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July 12, 2012 Newsletter Archive

Online and Password Protected?
Surprising Challenges to your Fiduciaries

There is no question that advances in technology have led to greater connectivity with family, friends, business contacts, online retailers and financial institutions, and has opened many of us to unlimited avenues of knowledge. Conveniences such as online banking, online shopping, automatic bill pay, email and social networking sites allow us to access activities in all areas of our lives with nothing more than a log-in name and a password. For some, this has meant a departure from physical records of any sort. Email contacts and billing software allow small business owners to correspond with clients and maintain records online; families and friends can share photos and messages through email and online networking sites; consumers can pay bills online with automatic monthly prompts that deduct payments directly from a designated account. For many of us technology is great. It's paperless. It's green. It's speedy. It's streamlined. Yet, as with every upside, there may be a few challenges encumbering this otherwise fresh approach.

While there is ongoing debate about whether our increased online presence is good or bad, one thing is clear: our increased reliance on the internet has changed the way we store information and communicate with others. Though not immediately apparent in the context of estate planning, this change can have a major impact on the ability of a fiduciary to fulfill his or her role.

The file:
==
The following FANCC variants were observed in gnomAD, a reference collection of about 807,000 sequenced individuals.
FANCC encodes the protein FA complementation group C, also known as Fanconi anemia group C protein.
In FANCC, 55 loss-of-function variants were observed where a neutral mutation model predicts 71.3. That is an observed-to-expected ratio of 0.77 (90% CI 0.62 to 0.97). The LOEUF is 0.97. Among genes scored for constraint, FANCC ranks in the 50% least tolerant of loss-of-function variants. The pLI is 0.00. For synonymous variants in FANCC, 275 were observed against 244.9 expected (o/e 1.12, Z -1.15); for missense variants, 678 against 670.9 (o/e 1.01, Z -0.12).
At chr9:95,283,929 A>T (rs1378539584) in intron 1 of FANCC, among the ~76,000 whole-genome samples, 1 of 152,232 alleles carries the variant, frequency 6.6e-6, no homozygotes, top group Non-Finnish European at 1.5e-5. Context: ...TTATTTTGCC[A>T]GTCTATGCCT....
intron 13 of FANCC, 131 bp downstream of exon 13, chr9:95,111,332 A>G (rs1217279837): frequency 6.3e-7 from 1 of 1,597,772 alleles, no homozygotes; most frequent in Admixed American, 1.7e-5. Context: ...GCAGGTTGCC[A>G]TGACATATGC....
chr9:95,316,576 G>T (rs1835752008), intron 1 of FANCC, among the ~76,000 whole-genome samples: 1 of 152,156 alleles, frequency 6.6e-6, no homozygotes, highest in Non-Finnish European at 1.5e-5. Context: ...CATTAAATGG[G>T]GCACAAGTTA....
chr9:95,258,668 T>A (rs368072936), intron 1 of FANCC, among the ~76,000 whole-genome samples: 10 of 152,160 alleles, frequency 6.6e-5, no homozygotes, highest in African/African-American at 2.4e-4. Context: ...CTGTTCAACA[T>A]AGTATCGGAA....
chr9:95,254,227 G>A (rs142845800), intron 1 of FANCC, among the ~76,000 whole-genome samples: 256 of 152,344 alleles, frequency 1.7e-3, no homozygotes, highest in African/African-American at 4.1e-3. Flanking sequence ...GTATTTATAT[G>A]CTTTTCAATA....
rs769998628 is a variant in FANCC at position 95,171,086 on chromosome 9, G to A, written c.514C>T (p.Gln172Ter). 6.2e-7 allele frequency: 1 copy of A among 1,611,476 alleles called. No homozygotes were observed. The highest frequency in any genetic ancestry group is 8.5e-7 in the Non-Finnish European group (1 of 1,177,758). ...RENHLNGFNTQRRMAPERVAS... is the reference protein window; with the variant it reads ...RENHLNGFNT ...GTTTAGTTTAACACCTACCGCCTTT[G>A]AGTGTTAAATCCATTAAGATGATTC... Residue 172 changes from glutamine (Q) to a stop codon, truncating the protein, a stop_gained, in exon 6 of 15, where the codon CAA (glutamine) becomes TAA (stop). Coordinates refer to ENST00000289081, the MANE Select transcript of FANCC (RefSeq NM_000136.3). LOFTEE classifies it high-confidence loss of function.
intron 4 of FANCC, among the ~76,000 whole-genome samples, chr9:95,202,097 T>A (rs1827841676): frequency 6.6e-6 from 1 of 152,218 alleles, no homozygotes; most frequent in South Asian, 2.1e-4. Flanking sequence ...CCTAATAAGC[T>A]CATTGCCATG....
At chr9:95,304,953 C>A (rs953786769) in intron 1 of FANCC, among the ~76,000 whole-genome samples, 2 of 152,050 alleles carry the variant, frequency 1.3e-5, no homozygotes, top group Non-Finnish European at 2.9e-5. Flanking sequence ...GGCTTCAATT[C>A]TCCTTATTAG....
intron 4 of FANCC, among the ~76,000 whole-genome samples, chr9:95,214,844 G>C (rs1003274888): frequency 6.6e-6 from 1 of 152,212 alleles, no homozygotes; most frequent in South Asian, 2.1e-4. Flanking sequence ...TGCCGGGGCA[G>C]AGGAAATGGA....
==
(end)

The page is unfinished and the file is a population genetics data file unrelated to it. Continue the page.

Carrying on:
Under a financial power of attorney, Will or trust the role of the fiduciary is vital. One significant fiduciary responsibility is to inventory and manage assets on behalf of the principal or decedent. However, difficulties can arise if bank or brokerage accounts are managed online and only accessible with a user name and password. Although a document such as a financial power of attorney may authorize the agent to act in a capacity that appears to be consistent with access to an online account, user names and passwords can prove to be barriers to access. Because of the lack of paper records, a fiduciary may not even be aware of institutions where the principal had accounts. Though this obstacle may be overcome through direct contact with the banks (once they have been determined), the inability of the agent to engage in transactions and access current statements immediately may have negative consequences.

Increasingly, small business owners operate largely through online communication and cloud computing. Placing orders online to vendors and communicating through email is often faster and more efficient than using the telephone or postal service, and using cloud storage reduces paper use and storage space. Yet, without passwords, a fiduciary may be unable to access contacts or sales accounts, precluding the fiduciary from dealing with pending contracts and other business matters and ultimately jeopardizing the fiduciary's ability to keep the business afloat. Lack of access to contacts may also deny the fiduciary any opportunity to inform clients and business contacts of the situation at hand, resulting in frustrated clients and potential misunderstandings, leading to long-term legal or financial consequences.